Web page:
This will be a multi-post series. The goal is to
- Introduce people to medication orders (particularly non-clinicians).
- Show some examples of how order entry has been tried in the past (post 2)
- And then start working through some mockups on ways to improve this. (post 3+)
Consider all of these posts a first draft. They are primarily designed to help our group start working on demos of a cleaner order entry tool. All feedback is appreciated.
Some Baseline Requirements vs1
The order entry module needs to work on mobile, tablet, and desktop.
It must work on devices that are 100% touch-screen only, and devices that are 100% keyboard entry only. And everything in-between.
It needs to handle ‘order sentences’ (eg. ‘Metoprolol 25mg PO BID), and also be able to handle fully custom orders where the clinician changes every component of the order script.
The ability to move from a pre-set order sentence, to changing order details must be smooth.
The order entry tool may be embedded within a workflow (eg. within a clinician driven questionnaire). Or, it may be accessed outside of a workflow - directly via an ‘order button’ elsewhere in the EHR.
Ultimately, the order entry tool has to compete against the ‘Gold Standard’ - which is a pen quickly scribbling on a prescription pad. The EHR will almost always lead in legibility, but traditionally greatly lags behind in speed.
The tool can’t make users frown, pull out their hair, or force them onto stress leave. As current EHRs do.
This general order framework needs to be able to work on orders other than medications - such as laboratory, imaging, consults, etc.
For now, this series will keep out of the discussion: Order Templates / Order Sets / Order Protocols.
Brief Overview of Medication Orders
Medication Prescriptions & Medication Orders
Typically a ‘prescription’ is thought of an an outpatient medication request, and a medication ‘order’ is considered an inpatient medication request. Traditionally a prescription is something you may give the patient to fill at a pharmacy, and an order is something a nurse may administer.
Overall, the idea of ‘ordering’ or ‘prescribing’ a medication is similar enough that FHIR has merged both medication prescriptions and medication orders into the single resource called: MedicationRequest. This makes sense to me.
For simplicity, I will refer to a ‘medication order’ to mean both ‘medication orders’ as well as ‘prescriptions.
Common Components of the MedicationRequest
A full MedicationRequest requires critical information. Some large categories are:
- Identifying patient information - who is it for
- Identifying ordering information - who ordered it? was it ordered on behalf of someone else? what state was the order placed into (active, held, etc)
- The date the MedicationRequest was made
- The medication order itself.
Common Components of the Medication Order
The common components of a medication script include:
- Drug Name (Generic) vs (Non-Generic)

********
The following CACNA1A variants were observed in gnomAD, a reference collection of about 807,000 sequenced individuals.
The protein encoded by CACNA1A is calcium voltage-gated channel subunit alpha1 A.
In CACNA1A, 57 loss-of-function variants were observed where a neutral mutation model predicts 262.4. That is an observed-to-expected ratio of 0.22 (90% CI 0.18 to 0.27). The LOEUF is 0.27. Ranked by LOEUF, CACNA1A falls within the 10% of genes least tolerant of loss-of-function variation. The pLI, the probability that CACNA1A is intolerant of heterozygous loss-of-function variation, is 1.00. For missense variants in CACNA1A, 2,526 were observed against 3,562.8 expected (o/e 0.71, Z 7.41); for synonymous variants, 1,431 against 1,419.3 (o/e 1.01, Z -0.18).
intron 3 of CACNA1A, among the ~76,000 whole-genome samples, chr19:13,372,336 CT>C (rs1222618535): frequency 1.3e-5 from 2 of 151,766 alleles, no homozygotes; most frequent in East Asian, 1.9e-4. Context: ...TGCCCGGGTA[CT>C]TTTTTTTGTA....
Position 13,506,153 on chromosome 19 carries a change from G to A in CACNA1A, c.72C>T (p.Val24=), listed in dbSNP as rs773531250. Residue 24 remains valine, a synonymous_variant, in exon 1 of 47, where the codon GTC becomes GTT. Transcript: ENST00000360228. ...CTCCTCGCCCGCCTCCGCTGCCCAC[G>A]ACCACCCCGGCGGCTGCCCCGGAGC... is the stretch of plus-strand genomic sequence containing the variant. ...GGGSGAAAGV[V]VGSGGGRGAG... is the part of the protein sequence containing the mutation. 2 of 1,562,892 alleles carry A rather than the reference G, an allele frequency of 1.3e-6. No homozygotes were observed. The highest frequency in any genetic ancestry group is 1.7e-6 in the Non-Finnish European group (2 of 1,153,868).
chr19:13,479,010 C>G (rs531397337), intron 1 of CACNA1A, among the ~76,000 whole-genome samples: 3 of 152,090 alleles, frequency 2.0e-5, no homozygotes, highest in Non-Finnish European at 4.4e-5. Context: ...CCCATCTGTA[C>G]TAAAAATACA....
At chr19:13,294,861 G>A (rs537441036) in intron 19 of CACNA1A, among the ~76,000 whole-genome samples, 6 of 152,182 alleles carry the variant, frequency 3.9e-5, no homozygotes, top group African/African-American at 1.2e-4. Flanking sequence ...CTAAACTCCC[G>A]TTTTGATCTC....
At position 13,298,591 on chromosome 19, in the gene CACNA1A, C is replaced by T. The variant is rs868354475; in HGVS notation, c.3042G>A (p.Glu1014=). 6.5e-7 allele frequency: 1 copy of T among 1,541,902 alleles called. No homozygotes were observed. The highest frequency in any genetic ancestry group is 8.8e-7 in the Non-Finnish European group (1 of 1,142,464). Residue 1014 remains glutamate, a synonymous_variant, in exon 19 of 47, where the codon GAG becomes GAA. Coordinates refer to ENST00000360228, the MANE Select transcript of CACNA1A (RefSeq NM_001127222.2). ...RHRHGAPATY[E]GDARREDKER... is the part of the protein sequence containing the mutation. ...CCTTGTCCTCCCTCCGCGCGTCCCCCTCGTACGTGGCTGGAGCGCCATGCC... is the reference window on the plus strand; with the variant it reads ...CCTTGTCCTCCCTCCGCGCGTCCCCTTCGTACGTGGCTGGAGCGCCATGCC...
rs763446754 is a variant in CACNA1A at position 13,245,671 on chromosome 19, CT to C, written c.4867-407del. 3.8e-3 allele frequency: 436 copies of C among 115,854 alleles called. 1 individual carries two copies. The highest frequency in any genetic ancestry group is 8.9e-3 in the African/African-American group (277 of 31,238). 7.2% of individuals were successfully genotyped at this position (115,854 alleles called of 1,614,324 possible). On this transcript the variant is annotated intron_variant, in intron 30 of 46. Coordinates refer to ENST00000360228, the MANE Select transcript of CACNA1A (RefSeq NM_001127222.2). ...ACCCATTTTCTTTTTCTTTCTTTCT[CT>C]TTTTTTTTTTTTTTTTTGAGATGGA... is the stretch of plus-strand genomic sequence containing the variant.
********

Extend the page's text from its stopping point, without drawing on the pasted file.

- Drug Dosage (including numerical value and units)
- Route for ingestion (eg. by mouth, intra-venous, per rectum, etc)
- Frequency (how often to take the medication)
- Duration (how long to take the medication for)
Without this information it is pretty difficult to dispense a medication properly. But additional information might be included in a medication order for further details.
Additional medication order details may include:
- The medication form requested (powder, cream, ointment, etc)
- Instructions to ‘take as needed” “PRN”. And if so, for what indication (eg. nausea)
- Refill details (how many refills the patient may have)
- Specific instruction for the patient (eg. do not take with alcohol)
- Specific instructions for the nurse (eg. only give while patient awake)
- The priority of the order (eg. Give STAT)
- Specifics start date / time or specific end date / time
- To only take the medication based on the result of another test or measurement (eg. a drug level or HgB result)
- Details regarding order activation. Right away vs to be placed into a ‘pending list’ for activation later (eg. after coming out of the ER).
- Can it be crushed or not?
- If the drug can be substituted for generic, and if not why
- How the medication should be prepared / mixed with other drugs
- and more…
Each of the fields listed above have many options that can be selected from. Eg, there are actually dozens of different ‘routes’ that medications can be prescribed to enter the body (try to think of all the ways yourself, you’ll likely leave out a few… check your list against the SNOWMED CT Route Codes)
The components listed above can be mapped to the FHIR MedicationRequest resource as well as the attached medication concepts.
There are also ISO Standards around medication and electronic prescriptions. Unfortunately ISO keeps these behind paywalls. But critical documents appears
- ISO 17523:2016 Health informatics -- Requirements for electronic prescriptions . View a full version of this as an early draft from 2014.
- This links out to a number of other ISO standards around Medication, such as ISO 11615, 11616, 11238, 11239, 11240, 19844,
Users want to be able to place a medication order quickly. But there are a number of different variables that can be customized on any order.
How do we balance these competing interests?
The *next post* looks at how this has traditionally been handled in the EHR.